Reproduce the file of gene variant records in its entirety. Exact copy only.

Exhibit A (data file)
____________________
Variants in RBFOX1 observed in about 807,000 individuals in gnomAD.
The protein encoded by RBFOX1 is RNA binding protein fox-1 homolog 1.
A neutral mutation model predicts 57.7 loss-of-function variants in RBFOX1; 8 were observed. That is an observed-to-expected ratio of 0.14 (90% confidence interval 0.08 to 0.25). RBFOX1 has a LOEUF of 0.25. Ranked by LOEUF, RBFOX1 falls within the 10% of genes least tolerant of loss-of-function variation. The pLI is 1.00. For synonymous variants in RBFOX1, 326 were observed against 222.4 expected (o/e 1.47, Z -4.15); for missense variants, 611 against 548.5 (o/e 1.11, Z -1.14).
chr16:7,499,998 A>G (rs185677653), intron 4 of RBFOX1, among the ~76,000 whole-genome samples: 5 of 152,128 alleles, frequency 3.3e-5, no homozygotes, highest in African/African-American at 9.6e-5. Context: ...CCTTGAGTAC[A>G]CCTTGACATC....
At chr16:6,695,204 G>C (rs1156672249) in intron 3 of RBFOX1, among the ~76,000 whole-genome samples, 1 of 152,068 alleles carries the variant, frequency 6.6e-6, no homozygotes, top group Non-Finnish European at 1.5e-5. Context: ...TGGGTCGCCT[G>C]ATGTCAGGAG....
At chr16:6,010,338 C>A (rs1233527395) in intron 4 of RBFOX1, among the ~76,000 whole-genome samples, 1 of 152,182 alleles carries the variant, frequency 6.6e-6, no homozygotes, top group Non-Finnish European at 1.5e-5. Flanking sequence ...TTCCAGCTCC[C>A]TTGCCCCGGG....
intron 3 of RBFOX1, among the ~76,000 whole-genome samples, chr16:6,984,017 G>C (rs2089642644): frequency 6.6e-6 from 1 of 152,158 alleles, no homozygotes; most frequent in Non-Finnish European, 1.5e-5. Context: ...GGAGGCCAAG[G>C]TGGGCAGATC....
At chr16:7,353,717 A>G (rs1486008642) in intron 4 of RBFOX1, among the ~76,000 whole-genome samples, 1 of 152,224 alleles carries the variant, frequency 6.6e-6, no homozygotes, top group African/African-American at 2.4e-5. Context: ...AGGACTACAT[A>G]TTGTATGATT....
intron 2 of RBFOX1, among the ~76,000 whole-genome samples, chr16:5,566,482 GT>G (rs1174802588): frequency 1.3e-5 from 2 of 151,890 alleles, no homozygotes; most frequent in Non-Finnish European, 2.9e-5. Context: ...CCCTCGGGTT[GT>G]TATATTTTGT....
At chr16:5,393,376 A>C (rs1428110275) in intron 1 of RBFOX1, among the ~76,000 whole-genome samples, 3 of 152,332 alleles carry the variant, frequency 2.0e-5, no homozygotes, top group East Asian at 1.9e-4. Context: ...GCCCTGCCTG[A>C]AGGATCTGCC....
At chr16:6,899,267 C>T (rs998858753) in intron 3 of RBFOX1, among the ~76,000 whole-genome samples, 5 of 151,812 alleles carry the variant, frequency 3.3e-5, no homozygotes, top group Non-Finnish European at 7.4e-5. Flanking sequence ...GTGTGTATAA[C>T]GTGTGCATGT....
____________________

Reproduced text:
Variants in RBFOX1 observed in about 807,000 individuals in gnomAD.
The protein encoded by RBFOX1 is RNA binding protein fox-1 homolog 1.
A neutral mutation model predicts 57.7 loss-of-function variants in RBFOX1; 8 were observed. That is an observed-to-expected ratio of 0.14 (90% confidence interval 0.08 to 0.25). RBFOX1 has a LOEUF of 0.25. Ranked by LOEUF, RBFOX1 falls within the 10% of genes least tolerant of loss-of-function variation. The pLI is 1.00. For synonymous variants in RBFOX1, 326 were observed against 222.4 expected (o/e 1.47, Z -4.15); for missense variants, 611 against 548.5 (o/e 1.11, Z -1.14).
chr16:7,499,998 A>G (rs185677653), intron 4 of RBFOX1, among the ~76,000 whole-genome samples: 5 of 152,128 alleles, frequency 3.3e-5, no homozygotes, highest in African/African-American at 9.6e-5. Context: ...CCTTGAGTAC[A>G]CCTTGACATC....
At chr16:6,695,204 G>C (rs1156672249) in intron 3 of RBFOX1, among the ~76,000 whole-genome samples, 1 of 152,068 alleles carries the variant, frequency 6.6e-6, no homozygotes, top group Non-Finnish European at 1.5e-5. Context: ...TGGGTCGCCT[G>C]ATGTCAGGAG....
At chr16:6,010,338 C>A (rs1233527395) in intron 4 of RBFOX1, among the ~76,000 whole-genome samples, 1 of 152,182 alleles carries the variant, frequency 6.6e-6, no homozygotes, top group Non-Finnish European at 1.5e-5. Flanking sequence ...TTCCAGCTCC[C>A]TTGCCCCGGG....
intron 3 of RBFOX1, among the ~76,000 whole-genome samples, chr16:6,984,017 G>C (rs2089642644): frequency 6.6e-6 from 1 of 152,158 alleles, no homozygotes; most frequent in Non-Finnish European, 1.5e-5. Context: ...GGAGGCCAAG[G>C]TGGGCAGATC....
At chr16:7,353,717 A>G (rs1486008642) in intron 4 of RBFOX1, among the ~76,000 whole-genome samples, 1 of 152,224 alleles carries the variant, frequency 6.6e-6, no homozygotes, top group African/African-American at 2.4e-5. Context: ...AGGACTACAT[A>G]TTGTATGATT....
intron 2 of RBFOX1, among the ~76,000 whole-genome samples, chr16:5,566,482 GT>G (rs1174802588): frequency 1.3e-5 from 2 of 151,890 alleles, no homozygotes; most frequent in Non-Finnish European, 2.9e-5. Context: ...CCCTCGGGTT[GT>G]TATATTTTGT....
At chr16:5,393,376 A>C (rs1428110275) in intron 1 of RBFOX1, among the ~76,000 whole-genome samples, 3 of 152,332 alleles carry the variant, frequency 2.0e-5, no homozygotes, top group East Asian at 1.9e-4. Context: ...GCCCTGCCTG[A>C]AGGATCTGCC....
At chr16:6,899,267 C>T (rs998858753) in intron 3 of RBFOX1, among the ~76,000 whole-genome samples, 5 of 151,812 alleles carry the variant, frequency 3.3e-5, no homozygotes, top group Non-Finnish European at 7.4e-5. Flanking sequence ...GTGTGTATAA[C>T]GTGTGCATGT....